“The finding that one-third of students from multiple countries screened positive for at least one of six mental health disorders represents a key global mental health issue,” lead author Randy P. Auerbach, a professor of medical psychology in the department of psychiatry at Columbia University, said in a statement.
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Why Are Freshmen at Risk for Depression?
College presents a host of risk factors for depression, says David Miklowitz, professor of psychiatry at the UCLA Semel Institute. They are away from home for the first time. They are increasingly dependent on emotional support from a peer group, which they may have trouble developing in college. They may have left or lost a boyfriend or girlfriend. Their diets change, and they may rely on high-fat, high-carb comfort foods to cope with depression or anxiety. Sleep cycles are disrupted. The stress of more rigorous academic requirements may become overwhelming.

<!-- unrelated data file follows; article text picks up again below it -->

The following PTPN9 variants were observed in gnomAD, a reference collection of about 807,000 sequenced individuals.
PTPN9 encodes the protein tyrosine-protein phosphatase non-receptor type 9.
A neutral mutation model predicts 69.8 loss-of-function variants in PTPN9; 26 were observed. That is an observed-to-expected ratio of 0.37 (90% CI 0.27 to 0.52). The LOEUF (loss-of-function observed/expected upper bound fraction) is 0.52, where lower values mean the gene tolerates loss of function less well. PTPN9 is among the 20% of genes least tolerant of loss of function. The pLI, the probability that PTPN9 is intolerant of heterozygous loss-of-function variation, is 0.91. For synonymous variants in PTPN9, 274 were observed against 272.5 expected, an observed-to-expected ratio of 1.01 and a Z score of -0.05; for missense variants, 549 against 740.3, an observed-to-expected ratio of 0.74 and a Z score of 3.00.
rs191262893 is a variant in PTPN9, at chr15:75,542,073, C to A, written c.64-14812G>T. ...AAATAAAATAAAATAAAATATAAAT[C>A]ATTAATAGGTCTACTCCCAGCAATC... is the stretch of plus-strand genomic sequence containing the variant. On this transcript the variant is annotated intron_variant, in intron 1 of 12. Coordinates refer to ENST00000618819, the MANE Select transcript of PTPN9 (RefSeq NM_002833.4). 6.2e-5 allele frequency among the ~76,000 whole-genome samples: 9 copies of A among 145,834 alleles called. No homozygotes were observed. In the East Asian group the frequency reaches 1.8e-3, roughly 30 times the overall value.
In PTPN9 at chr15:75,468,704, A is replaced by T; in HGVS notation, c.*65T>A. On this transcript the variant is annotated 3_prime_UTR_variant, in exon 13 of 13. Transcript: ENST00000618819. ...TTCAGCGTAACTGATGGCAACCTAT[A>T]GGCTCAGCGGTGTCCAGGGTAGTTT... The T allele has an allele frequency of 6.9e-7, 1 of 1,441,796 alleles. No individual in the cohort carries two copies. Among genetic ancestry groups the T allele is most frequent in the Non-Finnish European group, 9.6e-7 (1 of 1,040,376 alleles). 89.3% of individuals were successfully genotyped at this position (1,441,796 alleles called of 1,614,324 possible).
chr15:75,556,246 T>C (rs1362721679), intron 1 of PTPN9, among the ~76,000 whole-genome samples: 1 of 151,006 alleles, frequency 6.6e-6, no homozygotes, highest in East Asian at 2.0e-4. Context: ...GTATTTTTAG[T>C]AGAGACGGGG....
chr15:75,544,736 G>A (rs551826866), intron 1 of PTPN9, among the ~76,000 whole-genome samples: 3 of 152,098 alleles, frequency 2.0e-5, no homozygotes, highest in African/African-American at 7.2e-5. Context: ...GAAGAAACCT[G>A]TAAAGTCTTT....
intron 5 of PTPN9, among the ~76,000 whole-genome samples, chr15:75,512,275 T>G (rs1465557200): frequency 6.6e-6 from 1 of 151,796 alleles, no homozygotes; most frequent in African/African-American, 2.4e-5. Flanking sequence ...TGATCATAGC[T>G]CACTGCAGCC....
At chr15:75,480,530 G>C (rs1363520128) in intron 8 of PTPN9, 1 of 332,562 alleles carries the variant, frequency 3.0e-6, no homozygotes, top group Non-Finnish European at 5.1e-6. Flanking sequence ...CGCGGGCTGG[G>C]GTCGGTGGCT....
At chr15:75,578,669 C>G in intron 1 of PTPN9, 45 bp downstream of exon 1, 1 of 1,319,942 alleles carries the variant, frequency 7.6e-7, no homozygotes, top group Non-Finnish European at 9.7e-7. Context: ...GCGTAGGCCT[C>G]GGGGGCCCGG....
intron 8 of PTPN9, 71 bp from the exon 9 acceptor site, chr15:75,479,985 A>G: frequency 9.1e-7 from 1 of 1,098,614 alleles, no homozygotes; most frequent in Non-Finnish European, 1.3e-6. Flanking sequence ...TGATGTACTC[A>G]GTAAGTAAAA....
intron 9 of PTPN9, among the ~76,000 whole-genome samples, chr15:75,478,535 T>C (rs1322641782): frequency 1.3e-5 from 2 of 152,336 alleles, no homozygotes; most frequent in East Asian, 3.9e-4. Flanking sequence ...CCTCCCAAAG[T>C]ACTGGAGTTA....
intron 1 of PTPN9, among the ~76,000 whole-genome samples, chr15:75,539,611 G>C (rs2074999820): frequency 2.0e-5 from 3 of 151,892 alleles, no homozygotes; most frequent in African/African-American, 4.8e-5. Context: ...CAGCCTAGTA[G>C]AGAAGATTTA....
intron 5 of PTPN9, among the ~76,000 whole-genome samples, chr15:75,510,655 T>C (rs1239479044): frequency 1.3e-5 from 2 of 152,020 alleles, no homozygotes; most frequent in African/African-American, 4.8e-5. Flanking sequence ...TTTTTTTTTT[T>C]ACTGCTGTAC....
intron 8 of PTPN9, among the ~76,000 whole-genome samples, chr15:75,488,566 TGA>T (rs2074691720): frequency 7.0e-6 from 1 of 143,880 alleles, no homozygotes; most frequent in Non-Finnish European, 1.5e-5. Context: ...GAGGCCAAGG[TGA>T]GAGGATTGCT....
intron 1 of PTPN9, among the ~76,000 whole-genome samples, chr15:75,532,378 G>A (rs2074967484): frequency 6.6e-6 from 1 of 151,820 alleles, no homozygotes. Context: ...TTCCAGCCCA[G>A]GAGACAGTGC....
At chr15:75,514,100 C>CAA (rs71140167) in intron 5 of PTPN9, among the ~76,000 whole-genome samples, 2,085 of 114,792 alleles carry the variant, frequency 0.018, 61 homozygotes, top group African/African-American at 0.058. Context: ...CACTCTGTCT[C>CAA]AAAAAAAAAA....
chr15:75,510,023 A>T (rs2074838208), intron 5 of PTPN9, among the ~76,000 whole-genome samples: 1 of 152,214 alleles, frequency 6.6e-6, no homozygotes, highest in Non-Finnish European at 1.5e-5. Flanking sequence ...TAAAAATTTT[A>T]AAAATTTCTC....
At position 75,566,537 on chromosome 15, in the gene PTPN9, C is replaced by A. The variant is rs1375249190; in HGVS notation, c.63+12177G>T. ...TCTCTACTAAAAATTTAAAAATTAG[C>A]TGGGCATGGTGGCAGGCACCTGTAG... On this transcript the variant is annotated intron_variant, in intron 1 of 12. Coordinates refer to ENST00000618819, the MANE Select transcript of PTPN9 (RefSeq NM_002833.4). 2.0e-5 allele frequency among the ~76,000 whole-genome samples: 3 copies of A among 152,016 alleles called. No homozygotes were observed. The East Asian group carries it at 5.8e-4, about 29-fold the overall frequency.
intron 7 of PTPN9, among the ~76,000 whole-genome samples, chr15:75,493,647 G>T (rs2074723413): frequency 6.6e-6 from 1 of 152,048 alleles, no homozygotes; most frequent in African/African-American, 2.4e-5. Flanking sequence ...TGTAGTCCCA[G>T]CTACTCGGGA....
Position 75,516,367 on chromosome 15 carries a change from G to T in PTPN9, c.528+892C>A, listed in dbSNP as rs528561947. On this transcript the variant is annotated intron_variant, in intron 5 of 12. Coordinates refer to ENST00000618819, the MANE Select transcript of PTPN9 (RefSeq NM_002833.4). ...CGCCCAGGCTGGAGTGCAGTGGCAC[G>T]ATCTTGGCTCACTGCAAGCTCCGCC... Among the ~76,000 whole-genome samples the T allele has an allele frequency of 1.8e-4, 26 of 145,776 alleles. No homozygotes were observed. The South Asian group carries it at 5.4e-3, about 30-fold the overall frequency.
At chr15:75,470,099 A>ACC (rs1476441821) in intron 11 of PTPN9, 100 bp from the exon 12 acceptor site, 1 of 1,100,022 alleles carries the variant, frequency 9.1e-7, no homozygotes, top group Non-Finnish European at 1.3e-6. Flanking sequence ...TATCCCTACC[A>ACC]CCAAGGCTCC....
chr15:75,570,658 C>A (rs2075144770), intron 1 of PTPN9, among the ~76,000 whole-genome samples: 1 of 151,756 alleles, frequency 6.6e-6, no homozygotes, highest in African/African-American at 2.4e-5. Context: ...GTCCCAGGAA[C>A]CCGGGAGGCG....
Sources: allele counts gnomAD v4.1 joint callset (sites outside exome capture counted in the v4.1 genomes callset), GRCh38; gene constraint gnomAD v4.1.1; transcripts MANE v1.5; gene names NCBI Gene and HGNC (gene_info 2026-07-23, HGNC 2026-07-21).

In addition, alcohol, marijuana and other drugs, including stimulants like Adderall and Ritalin that students think help them study, are easily accessed. “Many students who were not substance abusers before college start drinking and smoking regularly,” Miklowitz says. “Substance use becomes a way of coping with emotional upheaval, while also contributing to worsening mood states or anxiety.”
For many students, college may simply worsen a preexisting vulnerability for depression or anxiety, rather than causing it. “We don’t know if these students would have developed the same disorders if they had stayed at home instead of going to college,” Miklowitz says.